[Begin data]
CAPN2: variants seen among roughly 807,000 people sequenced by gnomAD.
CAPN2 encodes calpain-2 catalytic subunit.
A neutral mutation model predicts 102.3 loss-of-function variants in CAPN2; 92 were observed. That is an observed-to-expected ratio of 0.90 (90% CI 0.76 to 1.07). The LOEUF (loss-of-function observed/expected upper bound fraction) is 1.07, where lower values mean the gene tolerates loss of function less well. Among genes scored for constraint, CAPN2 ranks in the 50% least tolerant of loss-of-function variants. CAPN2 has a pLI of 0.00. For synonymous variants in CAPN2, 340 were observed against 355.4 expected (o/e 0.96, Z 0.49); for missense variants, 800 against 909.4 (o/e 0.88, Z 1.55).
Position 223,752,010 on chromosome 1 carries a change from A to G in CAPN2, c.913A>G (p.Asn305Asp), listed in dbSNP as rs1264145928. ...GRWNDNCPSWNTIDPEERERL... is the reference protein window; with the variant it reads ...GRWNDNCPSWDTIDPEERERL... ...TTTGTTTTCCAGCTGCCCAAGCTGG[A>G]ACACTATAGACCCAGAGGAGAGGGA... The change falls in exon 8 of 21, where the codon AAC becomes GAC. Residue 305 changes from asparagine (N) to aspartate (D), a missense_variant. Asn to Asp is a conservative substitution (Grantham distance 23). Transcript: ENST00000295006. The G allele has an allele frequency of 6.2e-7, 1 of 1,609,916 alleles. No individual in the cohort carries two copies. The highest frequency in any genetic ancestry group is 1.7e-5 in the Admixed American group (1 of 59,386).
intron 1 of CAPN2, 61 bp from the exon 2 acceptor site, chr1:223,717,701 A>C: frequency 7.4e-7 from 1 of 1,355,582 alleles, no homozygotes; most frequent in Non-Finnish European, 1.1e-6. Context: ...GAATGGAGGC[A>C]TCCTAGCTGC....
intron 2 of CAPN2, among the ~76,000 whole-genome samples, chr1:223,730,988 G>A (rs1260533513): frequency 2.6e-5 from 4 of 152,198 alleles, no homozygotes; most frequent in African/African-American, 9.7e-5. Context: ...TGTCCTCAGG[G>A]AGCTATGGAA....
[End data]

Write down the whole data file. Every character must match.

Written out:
CAPN2: variants seen among roughly 807,000 people sequenced by gnomAD.
CAPN2 encodes calpain-2 catalytic subunit.
A neutral mutation model predicts 102.3 loss-of-function variants in CAPN2; 92 were observed. That is an observed-to-expected ratio of 0.90 (90% CI 0.76 to 1.07). The LOEUF (loss-of-function observed/expected upper bound fraction) is 1.07, where lower values mean the gene tolerates loss of function less well. Among genes scored for constraint, CAPN2 ranks in the 50% least tolerant of loss-of-function variants. CAPN2 has a pLI of 0.00. For synonymous variants in CAPN2, 340 were observed against 355.4 expected (o/e 0.96, Z 0.49); for missense variants, 800 against 909.4 (o/e 0.88, Z 1.55).
Position 223,752,010 on chromosome 1 carries a change from A to G in CAPN2, c.913A>G (p.Asn305Asp), listed in dbSNP as rs1264145928. ...GRWNDNCPSWNTIDPEERERL... is the reference protein window; with the variant it reads ...GRWNDNCPSWDTIDPEERERL... ...TTTGTTTTCCAGCTGCCCAAGCTGG[A>G]ACACTATAGACCCAGAGGAGAGGGA... The change falls in exon 8 of 21, where the codon AAC becomes GAC. Residue 305 changes from asparagine (N) to aspartate (D), a missense_variant. Asn to Asp is a conservative substitution (Grantham distance 23). Transcript: ENST00000295006. The G allele has an allele frequency of 6.2e-7, 1 of 1,609,916 alleles. No individual in the cohort carries two copies. The highest frequency in any genetic ancestry group is 1.7e-5 in the Admixed American group (1 of 59,386).
intron 1 of CAPN2, 61 bp from the exon 2 acceptor site, chr1:223,717,701 A>C: frequency 7.4e-7 from 1 of 1,355,582 alleles, no homozygotes; most frequent in Non-Finnish European, 1.1e-6. Context: ...GAATGGAGGC[A>C]TCCTAGCTGC....
intron 2 of CAPN2, among the ~76,000 whole-genome samples, chr1:223,730,988 G>A (rs1260533513): frequency 2.6e-5 from 4 of 152,198 alleles, no homozygotes; most frequent in African/African-American, 9.7e-5. Context: ...TGTCCTCAGG[G>A]AGCTATGGAA....